Photo credit: ACT Government-Australia
Key principles of safe and efficient complaints handling Ways to develop key messages on raising awareness on the need for complaints systems Increased challenges during Covid-19 crisis and potential solutions
These were the discussion points of the webinar on Remote Complaints Response Mechanism (CRM) and the Collective Feedback Mechanism the context of COVID-19 hosted by Community World Service Asia and Act Church of Sweden on May 13th.
More than 200 humanitarian and development practitioners took part in this two-hour webinar that offered a wide range of expertise and knowledge-sharing from across the word.
Ester Dross, expert in humanitarian accountability, facilitated the session and was joined by panelists Madiha Shafi from the Danish Refugee Council, Turkey, Syed Rashid Bin Jamal, PSEA Officer of Inter Sector Coordination Group (ISCG), Bangladesh, Sameera Noori, Managing Director at Asia Leaders Organization for Humanitarian Aid), Afghanistan, Khadar Abdulahi Nur, CRM Officer for Danish Refugee Council, Somalia and Iqbal Shahid, Program Specialist for Concern Worldwide in Pakistan.
Upholding Quality and Accountability and Maintaining Performance during COVID-19
When operating in a humanitarian environment, we are all mindful of the power imbalance. The most vulnerable have the least power. That leads to a gap between what we want to accomplish and what communities want to receive or how they want to be treated. It has led many organizations to agree on principles that will strengthen their responsibility to right holders and members of the society.
. shared Ester.
During the COVID-19 crises, accountability is even more important. Given the need for many of our staff to work remotely and the challenges with participation an information sharing, there can often be an increase rather than a decrease in inappropriate behavior or gaps in programming and implementation, leading to complaints
Going a bit back in time, discussions on accountability have finally led to the Core Humanitarian Standard in 2015. The overall aim of the standard is to put communities and people affected by the crisis at the center, based on the Humanitarian principles of Humanity, Impartiality, Independence, and Neutrality. The commitments focus on the quality of the response, the structure of the projects, and the response and the organization itself and its resources. Ester added,
If our organizations and staff do not live up to our commitments or cause negative impacts, it is crucial for people to be able to raise concerns.
Ester discussed the key pillars to ensure that organizations have a robust system of Complaints and Responses.
Our system needs to be accessible! This not only includes access in the sense of locations but also access considering various capabilities (children, disabled, elderly, minorities, women etc.). It must be entirely inclusive, taking into account the circumstances of possible complainants.
How safe is our system? Can people access it without taking risks? Security for everyone includes physical and psychosocial safety and health problems. Community must be able to access communications modes with ease.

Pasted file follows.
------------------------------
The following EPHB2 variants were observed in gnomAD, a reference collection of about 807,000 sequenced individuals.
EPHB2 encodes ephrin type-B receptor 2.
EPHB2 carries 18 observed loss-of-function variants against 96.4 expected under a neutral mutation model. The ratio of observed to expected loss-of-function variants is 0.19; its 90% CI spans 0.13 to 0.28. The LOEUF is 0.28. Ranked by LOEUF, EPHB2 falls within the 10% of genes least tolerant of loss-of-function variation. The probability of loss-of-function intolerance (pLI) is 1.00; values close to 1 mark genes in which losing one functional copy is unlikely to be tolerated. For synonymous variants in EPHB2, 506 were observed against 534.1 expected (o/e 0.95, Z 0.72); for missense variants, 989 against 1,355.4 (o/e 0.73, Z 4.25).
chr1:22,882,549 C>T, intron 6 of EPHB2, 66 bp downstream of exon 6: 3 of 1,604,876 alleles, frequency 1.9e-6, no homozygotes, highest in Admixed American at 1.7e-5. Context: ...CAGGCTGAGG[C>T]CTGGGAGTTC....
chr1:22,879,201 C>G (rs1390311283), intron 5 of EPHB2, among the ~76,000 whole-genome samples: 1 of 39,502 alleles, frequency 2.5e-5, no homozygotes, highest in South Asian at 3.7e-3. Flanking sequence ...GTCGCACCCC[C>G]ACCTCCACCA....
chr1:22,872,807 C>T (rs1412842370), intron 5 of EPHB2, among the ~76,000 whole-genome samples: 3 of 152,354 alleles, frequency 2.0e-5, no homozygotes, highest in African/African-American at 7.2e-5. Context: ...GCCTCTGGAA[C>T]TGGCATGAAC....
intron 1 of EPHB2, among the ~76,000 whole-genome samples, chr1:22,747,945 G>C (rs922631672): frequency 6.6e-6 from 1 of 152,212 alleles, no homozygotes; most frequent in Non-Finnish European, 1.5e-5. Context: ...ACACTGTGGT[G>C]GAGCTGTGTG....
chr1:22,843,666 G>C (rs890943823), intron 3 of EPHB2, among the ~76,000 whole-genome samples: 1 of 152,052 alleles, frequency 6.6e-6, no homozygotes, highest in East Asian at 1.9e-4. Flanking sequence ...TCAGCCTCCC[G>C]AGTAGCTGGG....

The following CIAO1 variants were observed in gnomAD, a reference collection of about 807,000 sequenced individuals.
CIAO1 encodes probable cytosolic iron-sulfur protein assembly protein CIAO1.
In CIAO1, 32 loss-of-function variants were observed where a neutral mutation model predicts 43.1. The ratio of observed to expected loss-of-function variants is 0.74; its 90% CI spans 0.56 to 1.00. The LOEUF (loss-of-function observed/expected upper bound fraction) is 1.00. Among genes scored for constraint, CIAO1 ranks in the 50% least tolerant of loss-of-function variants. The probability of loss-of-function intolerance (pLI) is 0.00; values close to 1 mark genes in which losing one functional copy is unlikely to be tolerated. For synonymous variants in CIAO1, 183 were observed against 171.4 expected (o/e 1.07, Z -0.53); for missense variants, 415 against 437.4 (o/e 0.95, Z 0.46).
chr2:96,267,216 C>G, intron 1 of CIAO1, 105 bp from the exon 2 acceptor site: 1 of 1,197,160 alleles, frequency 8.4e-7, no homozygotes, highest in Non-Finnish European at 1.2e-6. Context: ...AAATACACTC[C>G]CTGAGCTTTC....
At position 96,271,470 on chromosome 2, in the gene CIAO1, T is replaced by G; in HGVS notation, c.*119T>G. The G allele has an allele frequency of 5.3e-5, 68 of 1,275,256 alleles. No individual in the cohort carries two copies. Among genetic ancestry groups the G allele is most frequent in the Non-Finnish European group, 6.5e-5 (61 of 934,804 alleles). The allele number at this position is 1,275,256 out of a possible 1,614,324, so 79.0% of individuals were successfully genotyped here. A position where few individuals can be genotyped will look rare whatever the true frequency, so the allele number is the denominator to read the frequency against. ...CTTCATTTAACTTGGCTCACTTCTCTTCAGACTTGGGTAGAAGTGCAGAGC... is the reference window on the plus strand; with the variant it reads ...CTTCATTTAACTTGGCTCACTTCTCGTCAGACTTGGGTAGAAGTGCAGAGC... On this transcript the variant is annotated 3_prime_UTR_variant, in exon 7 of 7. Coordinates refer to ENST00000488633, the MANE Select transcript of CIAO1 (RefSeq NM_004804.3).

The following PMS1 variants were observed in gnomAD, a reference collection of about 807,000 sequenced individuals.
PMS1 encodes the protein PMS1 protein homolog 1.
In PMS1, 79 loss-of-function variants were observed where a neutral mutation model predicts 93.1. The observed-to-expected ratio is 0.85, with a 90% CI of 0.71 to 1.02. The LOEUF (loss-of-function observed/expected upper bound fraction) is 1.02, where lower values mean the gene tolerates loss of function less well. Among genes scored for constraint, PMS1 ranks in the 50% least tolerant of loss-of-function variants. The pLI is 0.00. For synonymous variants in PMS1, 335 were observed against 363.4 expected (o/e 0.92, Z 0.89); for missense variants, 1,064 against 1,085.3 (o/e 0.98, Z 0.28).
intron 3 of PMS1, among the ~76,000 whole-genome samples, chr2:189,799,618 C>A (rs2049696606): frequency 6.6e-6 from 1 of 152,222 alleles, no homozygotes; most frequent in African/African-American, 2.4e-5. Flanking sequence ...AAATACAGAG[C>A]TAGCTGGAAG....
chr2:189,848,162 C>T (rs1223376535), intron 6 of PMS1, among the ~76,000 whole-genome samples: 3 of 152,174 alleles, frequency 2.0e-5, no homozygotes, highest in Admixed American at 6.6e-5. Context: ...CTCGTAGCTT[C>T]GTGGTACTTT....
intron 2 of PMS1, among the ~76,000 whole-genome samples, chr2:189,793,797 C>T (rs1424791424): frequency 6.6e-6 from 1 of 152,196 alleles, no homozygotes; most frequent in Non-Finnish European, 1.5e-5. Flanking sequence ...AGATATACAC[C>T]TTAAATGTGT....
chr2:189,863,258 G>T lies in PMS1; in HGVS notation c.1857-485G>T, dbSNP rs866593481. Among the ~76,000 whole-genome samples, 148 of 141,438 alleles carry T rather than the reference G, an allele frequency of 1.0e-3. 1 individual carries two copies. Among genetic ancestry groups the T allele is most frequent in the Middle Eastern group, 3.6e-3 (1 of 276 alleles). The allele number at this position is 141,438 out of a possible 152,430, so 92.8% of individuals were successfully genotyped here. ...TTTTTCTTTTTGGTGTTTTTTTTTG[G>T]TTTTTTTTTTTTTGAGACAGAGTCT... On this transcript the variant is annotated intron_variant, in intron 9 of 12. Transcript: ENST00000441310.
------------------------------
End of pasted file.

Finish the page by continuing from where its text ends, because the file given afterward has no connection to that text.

Confidentiality is key so that community members feel that they are secure and can entrust us with sensitive information. Information and details on complaints need to be safeguarded from any intentional or unintentional disclosure.
The system needs to be transparent. Potential users need to be provided transparent mechanism information.
The COVID-19 virus has presented a stress test for organizations worldwide, with the internet playing a crucial role in keeping critical infrastructure and resources connected and available. The panelists shared best practices and asked participants to further share how their organizations are managing programs in the current crisis, while maintaining high levels of quality and accountability and adhering to relevant standards, specifically the Core Humanitarian Standard, which is key for successful complaints handling.
- Effective social media management is key for information sharing in this crisis
- Staff training on misconduct and Protection against sexual exploitation and abuse (PSEA) to highlight expected behavior when responding to COVID-19 especially in remote areas
- Development of pamphlets to share free helpline numbers for counseling and feedback
- Organizations urged to review Complaints Response Mechanisms to ensure once complains are received, they can be channeled to appropriate staff as quickly as possible
- Review IT structure, data management, official communicating software and digital media interaction to ensure that confidentiality of reports is not breached
- Develop a channel through which complaints at community-level reach programmatic teams at offices efficiently through effective use of mobile phones
- Seek alternative remote communication channels that will best suit discussing issues of sensitive nature and communicate clearly to the communities on the channels available. In this case branding of your CRM channel is essential to distinguish between reliable channels and fake ones
- Trust is very important, if affected people feel they can trust us then they will gain confidence to share complaints
- Good mapping of existing information pathways that continue to operate during the crisis is needed. This can be leveraged for complaint feedback and response mechanisms
- Involve differently abled persons (who are 15% of the population) in the CRM process and ask them what the best accessibility is for them. How can we as humanitarian workers best cater to their needs to improve accessibility? How can we adapt the messages? How can they be involved efficiently?
- Gender implications must be considered in CRM channels as well. A gender balance in committees and recruitment of more women call operators is encouraged